It should be understood that the MEPG framer 86 is used in one embodiment of the modular HFC 14. In an alternative embodiment shown in FIG. 6B, a Packet Streaming Protocol (PSP) is used for transporting DOCSIS frames from the packet shelf 16 to the PHY shelf 18. In the PSP embodiment, DOCSIS frames 84 are concatenated together into a continuous data stream 94. The concatenated data stream 94 is then broken up into separate packet fragments 98 that each include a PSP header 96. The PSP headers 96 may include pointers 97 that identify where different DOCSIS frames 84 are located. The concatenation 94 can lower the Packet Per Second (PPS) throughput in switching engines used in the modular CMTS system. The concatenated data stream 94 is then fragmented to meet the Maximum Transfer Unit (MTU) of the packet switched network media 26 (FIG. 1A).

In yet another embodiment, the DOCSIS frames 84 generated by the DOCSIS framer 74 are not formatted into MPEG frames 86 and alternatively sent directly to the Ethernet framer 77. In the embodiment, the conversion of DOCSIS frames to MPEG frames is performed in the PHY shelf 18.

Tunneling

In one embodiment, the packet shelf 16 creates a tunnel 88 over the packet switched network 26 for transporting the DOCSIS frames to the downstream PHY shelf 30. In one embodiment, an MPEG tunnel 88 is used. In an alternative embodiment, a DOCSIS tunnel is used. If a DOCSIS tunnel is used, a new field 85 may be used in the DOCSIS header for packet fragmentation or concatenation. This allows DOCSIS frames to be fragmented over multiple Ethernet packets. The fragmentation or concatenation field 85 contains numbers identifying the sequence for the fragmented DOCSIS frames 84.

For the MPEG tunnel, the Ethernet framer 77 encapsulates one or more MPEG frames 86 into the payload of the same Ethernet frame 89 that includes an Ethernet header 90 and a Cyclic Redundancy Check (CRC) 92.

FIG. 7 shows a logical representation of the tunnel 88 formed in the packet switched network 26 between the packet shelf 16 and the PHY shelf 18. Examples of MPEG and DOCSIS tunnels 88 are referred to below in FIGS. 8A-8D. However, it should be understood that any type of tunneling protocol or Virtual Private Network (VPN) connection can be used over the packet switched network 26. For example, a Layer-two Tunneling Protocol (L2TP), Layer-Two Tunneling Protocol Version 3 (L2TPV3), Point-to-Point Tunneling Protocol (PPTP) can alternatively be used to create tunnel 88 over packet switched network 26 between the packet shelf 16 and the PHY shelf 18. The L2TP protocol is described in U.S. Pat. No. 5,918,019, issued Jun. 29, 1999 and in RFC 2661 and RFC 3931 and is herein incorporated by reference. Layer-3 tunnels can alternatively be used. The tunnel 88 can alternatively be established over a non-Ethernet interface using for example, Resilient Packet Ring (RPR).

An IP connection 102 is established between a device 100 on the WAN 12 and a client or CPE 38 in the cable network 10 through tunnel 88. The tunnel 88 allows the packet shelf 16 to perform the DOCSIS MAC operations and then transport the DOCSIS frames over the packet switched network 26 to the PHY shelf 18. The downstream PHY shelf 30 is therefore not required to perform DOCSIS MAC operations 22 (FIG. 1A).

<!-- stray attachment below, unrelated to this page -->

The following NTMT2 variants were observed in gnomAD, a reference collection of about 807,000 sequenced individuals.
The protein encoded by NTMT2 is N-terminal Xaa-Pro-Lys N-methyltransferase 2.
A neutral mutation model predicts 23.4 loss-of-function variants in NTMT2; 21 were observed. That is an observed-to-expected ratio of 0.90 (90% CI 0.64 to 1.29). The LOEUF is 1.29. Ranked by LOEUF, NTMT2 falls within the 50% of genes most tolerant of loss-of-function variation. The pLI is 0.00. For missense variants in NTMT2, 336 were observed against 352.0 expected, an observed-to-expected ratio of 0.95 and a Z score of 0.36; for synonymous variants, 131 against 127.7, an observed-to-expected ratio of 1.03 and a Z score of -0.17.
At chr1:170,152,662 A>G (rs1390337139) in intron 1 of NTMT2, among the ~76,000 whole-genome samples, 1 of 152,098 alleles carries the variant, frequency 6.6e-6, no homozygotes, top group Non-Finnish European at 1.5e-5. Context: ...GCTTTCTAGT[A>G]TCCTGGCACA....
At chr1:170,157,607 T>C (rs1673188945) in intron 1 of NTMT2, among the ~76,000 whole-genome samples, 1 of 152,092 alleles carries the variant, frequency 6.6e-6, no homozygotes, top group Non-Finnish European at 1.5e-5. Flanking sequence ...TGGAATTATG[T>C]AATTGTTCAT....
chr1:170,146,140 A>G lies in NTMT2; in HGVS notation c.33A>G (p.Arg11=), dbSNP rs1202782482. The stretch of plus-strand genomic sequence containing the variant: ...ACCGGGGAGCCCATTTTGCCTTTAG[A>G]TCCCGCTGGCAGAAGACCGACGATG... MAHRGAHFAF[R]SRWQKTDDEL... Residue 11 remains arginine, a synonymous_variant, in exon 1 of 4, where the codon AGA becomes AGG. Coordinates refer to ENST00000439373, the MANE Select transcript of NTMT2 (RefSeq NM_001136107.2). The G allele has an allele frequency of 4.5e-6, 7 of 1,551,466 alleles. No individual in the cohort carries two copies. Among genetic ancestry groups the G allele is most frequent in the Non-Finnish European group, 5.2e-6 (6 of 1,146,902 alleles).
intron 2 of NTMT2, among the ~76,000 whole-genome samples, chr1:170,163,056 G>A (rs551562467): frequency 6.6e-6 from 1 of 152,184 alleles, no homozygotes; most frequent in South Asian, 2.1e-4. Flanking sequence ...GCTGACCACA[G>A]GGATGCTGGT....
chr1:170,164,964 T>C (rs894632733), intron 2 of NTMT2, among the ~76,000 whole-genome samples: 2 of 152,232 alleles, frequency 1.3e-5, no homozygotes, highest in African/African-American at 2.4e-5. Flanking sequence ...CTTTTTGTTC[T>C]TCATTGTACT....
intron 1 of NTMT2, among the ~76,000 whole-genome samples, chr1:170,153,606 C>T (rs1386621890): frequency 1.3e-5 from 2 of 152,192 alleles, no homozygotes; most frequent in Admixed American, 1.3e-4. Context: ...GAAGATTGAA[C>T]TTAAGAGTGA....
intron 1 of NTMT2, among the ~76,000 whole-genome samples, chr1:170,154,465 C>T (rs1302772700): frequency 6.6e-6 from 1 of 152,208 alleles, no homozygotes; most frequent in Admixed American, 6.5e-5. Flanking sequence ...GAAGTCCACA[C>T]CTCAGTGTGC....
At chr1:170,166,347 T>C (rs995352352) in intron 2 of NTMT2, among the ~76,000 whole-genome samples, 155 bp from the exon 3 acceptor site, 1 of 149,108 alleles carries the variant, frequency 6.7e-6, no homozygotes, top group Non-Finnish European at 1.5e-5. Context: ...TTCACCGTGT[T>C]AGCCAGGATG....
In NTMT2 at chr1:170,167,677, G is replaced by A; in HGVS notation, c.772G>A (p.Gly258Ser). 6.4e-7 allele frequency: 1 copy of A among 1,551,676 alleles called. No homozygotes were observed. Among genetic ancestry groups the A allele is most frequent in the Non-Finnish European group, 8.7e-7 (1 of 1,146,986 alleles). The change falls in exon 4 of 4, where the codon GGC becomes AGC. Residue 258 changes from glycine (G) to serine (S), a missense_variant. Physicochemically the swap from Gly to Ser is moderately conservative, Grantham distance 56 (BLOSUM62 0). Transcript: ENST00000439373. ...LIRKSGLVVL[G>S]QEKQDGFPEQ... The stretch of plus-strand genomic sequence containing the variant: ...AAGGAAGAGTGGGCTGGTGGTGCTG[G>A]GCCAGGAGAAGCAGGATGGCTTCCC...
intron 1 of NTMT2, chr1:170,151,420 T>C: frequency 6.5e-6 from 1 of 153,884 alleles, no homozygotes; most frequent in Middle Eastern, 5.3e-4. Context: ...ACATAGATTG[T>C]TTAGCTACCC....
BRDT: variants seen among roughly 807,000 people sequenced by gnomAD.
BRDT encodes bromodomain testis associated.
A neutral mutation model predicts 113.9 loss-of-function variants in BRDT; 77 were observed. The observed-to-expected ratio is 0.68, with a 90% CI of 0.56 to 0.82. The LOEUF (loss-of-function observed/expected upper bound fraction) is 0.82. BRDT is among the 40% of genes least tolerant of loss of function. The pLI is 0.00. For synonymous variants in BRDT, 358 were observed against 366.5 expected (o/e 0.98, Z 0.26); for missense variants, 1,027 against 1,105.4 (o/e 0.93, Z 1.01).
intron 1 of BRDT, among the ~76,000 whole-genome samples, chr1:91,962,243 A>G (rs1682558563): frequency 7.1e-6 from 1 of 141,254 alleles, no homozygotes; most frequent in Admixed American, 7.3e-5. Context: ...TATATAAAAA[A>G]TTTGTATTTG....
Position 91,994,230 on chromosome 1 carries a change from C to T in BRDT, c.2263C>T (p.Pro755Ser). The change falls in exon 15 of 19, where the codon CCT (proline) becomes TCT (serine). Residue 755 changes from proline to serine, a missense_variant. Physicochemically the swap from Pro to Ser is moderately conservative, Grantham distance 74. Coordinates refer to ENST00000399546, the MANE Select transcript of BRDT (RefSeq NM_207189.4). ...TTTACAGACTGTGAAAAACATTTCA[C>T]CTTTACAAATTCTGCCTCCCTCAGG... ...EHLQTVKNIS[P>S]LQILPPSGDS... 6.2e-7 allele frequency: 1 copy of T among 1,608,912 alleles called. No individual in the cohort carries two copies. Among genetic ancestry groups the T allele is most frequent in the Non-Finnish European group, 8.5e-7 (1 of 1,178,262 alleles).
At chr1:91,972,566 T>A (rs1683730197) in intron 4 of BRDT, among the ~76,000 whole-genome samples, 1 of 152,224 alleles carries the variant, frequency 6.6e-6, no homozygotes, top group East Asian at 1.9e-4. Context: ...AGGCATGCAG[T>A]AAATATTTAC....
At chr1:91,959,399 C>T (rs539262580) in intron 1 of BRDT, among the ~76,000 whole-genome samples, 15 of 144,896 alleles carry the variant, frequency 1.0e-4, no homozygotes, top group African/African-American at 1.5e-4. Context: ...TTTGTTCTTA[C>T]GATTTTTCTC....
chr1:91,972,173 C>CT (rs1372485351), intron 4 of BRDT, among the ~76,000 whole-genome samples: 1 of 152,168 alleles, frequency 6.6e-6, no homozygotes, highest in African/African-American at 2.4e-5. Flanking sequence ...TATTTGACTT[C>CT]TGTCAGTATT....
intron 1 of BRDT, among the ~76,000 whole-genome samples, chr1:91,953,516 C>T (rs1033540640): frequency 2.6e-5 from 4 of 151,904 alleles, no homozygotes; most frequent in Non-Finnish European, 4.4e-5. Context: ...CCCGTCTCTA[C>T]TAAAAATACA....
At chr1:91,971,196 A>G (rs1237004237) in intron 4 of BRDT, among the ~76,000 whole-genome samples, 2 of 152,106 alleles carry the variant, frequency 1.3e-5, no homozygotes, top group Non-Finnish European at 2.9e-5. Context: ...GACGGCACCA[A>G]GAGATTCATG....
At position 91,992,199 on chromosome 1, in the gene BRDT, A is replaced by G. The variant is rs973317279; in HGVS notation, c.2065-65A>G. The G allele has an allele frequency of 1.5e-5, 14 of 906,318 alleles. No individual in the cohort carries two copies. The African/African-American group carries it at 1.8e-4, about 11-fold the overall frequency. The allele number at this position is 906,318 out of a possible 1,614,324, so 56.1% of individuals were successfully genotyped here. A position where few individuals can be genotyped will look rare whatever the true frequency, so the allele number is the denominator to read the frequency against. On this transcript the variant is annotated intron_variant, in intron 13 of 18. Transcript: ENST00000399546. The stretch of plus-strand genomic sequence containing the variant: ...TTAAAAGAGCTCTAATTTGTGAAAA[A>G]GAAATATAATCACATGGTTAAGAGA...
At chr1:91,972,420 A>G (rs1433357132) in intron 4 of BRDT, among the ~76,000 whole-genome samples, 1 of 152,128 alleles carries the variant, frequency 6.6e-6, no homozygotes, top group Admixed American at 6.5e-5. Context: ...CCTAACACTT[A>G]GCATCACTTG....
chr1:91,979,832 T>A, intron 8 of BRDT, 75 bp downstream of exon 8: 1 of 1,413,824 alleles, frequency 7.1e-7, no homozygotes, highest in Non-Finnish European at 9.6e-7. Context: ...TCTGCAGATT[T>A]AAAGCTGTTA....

UDP Transport Packet Format

FIG. 8A shows one example of a UDP transport packet format used for encapsulating and transporting the DOCSIS frames 84 over the packet switched network 26 to the PHY shelf 18. Within the UDP payload, there are two types of payload. The first is a MPEG Transport Stream (MPT) based format and the second is a Packet Streaming Protocol (PSP) based format. The choice of which format to use is based upon the type of traffic being carried.

In the following protocol usage description, the term “source shelf” refers to the packet shelf 16 and the term “destination shelf” refers to the downstream PHY shelf 30. An Ethernet header 110 is defined by IEEE-802.3. Upon transmission of Ethernet packet 89 by the source shelf, the Ethernet destination address 112 will be the Ethernet address of the destination shelf or of the next hop router in packet switch network 26.

Upon reception of frame 89 by the destination shelf, the Ethernet source address 113 will be the Ethernet address of the output port of the source shelf or of the previous hop router in network 26.

An Ethernet 802.1Q header 114 is defined by IEEE-802.1Q. Header 114 is optional and provides frame prioritization and Virtual Local Area Network (VLAN) support at layer 2 of the Open System Interconnect (OSI) model. In one implementation when header 114 is used, the Length/Type field 115 of the 802.3 header 110 is set to an appropriate 802.1Q TagType value. The packet shelf 16 and the upstream PHY shelf 32 optionally may or may not support header 114.

An IP header 116 is defined by RFC-791. An IP source address 118 in header 116 is the IP address of the source shelf. An IP destination address 120 is the IP address of the destination shelf. The IP destination address 120 may be an IP unicast or IP multicast address. In one example, the IP header 116 uses IPv4 or IPv6. Of course any version of the IP protocol can be used. In one embodiment, the Quality of Service (QoS) information associated with the tunnel 88 is contained in a DiffServ (DS) field 119 of the IP header 116.

A UDP header 122 is defined by RFC-768 and the CRC 132 is defined by IEEE-802.3. Alternatively, a Generic Routing Encapsulation (GRE) header can be used instead of UDP header 122. In one embodiment, the UDP source port 124 is unused and is set by the source shelf to all zeros. The destination shelf may ignore the UDP source port 124. The UDP destination port 126 is a common agreed upon value between the source shelf and the destination shelf. In one implementation, the source shelf might set the UDP checksum 128 to zero and the destination shelf may have the ability to ignore this UDP checksum field.